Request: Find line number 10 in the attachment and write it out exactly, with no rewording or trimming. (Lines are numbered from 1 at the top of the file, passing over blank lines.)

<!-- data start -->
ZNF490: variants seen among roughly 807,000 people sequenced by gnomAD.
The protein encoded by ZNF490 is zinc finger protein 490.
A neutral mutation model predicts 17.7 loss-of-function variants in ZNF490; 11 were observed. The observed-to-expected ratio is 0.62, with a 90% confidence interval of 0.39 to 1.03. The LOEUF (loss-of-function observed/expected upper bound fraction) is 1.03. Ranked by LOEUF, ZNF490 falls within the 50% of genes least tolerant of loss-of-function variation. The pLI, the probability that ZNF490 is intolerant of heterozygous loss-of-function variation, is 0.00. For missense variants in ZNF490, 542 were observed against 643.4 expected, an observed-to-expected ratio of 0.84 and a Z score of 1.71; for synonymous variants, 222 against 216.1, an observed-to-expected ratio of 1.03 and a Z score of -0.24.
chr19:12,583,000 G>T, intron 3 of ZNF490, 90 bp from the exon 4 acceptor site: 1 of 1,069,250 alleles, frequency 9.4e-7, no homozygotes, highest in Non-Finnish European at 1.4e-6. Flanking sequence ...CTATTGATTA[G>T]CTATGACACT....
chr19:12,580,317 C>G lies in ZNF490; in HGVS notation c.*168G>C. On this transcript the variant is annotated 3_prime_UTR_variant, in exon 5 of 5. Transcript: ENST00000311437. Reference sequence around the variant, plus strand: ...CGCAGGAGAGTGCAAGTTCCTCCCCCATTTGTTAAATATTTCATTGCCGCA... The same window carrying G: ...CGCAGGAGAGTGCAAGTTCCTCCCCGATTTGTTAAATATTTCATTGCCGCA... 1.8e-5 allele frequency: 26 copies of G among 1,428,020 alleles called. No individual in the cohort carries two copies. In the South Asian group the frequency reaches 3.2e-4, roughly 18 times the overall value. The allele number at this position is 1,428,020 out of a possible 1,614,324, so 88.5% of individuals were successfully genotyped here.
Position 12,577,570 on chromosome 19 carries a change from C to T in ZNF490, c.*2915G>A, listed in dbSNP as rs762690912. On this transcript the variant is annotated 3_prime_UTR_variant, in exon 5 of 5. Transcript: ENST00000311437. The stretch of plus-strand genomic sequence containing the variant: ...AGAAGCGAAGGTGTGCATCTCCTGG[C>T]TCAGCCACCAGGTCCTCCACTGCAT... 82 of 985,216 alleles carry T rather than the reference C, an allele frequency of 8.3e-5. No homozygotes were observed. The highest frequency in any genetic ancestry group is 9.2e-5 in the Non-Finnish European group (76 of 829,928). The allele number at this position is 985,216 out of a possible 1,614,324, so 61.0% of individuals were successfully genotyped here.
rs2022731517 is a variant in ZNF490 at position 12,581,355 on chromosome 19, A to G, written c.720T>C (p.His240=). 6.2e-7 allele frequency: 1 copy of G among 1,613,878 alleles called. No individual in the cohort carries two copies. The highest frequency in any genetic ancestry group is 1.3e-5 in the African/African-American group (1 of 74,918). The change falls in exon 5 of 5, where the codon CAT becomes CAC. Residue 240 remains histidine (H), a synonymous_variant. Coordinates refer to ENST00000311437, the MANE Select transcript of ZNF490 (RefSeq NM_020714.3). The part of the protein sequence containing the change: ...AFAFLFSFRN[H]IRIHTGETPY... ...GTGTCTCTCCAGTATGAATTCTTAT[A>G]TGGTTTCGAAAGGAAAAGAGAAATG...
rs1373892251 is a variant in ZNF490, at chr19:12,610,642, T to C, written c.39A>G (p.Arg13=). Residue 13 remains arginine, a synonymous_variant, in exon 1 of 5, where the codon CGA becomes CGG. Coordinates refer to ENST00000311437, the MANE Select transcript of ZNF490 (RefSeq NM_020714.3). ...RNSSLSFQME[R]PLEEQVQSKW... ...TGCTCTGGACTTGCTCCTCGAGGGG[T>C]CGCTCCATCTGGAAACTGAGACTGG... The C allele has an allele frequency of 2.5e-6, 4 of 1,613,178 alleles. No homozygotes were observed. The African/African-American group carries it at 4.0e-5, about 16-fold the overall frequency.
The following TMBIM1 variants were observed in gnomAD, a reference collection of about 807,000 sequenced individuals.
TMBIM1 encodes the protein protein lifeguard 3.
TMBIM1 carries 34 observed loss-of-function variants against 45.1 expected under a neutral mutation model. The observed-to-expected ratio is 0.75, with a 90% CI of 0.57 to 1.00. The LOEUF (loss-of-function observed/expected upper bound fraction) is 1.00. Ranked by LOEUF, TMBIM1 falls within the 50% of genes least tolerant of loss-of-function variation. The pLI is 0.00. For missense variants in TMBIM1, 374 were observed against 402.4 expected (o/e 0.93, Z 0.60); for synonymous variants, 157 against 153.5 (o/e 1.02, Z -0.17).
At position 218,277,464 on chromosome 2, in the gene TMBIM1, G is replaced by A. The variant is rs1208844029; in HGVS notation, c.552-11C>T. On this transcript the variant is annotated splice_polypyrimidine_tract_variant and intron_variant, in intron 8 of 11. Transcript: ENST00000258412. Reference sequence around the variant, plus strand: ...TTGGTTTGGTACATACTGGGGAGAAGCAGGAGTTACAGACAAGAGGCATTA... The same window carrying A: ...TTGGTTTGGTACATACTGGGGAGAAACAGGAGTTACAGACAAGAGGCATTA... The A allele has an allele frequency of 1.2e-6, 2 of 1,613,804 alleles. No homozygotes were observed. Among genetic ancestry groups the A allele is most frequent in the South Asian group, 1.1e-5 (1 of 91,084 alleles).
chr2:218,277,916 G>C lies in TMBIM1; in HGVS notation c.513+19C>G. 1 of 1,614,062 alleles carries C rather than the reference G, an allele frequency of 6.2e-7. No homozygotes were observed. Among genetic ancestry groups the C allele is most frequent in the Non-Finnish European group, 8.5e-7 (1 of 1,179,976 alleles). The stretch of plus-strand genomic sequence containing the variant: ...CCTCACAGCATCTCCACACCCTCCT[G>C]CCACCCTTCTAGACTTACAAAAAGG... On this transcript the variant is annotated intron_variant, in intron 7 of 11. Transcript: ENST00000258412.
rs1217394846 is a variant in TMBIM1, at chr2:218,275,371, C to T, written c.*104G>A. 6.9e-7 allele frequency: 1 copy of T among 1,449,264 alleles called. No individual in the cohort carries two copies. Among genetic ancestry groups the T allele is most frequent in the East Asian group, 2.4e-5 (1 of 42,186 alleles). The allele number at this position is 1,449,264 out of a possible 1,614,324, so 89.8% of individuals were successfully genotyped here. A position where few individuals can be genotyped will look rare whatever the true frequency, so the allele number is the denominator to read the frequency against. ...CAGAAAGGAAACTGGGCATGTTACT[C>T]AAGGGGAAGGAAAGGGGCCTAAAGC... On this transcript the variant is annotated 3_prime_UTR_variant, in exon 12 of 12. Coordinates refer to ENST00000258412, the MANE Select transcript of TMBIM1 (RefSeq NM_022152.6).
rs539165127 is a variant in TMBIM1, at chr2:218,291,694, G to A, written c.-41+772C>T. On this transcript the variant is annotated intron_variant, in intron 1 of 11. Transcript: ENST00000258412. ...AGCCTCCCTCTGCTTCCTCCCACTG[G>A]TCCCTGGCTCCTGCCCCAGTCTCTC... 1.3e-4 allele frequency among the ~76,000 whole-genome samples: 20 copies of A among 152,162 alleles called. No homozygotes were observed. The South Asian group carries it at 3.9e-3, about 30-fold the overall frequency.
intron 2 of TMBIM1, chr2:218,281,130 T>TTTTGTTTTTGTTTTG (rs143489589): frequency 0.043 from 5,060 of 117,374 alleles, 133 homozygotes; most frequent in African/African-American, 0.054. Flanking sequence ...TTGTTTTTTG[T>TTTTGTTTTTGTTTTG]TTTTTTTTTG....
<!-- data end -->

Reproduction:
TMBIM1 encodes the protein protein lifeguard 3.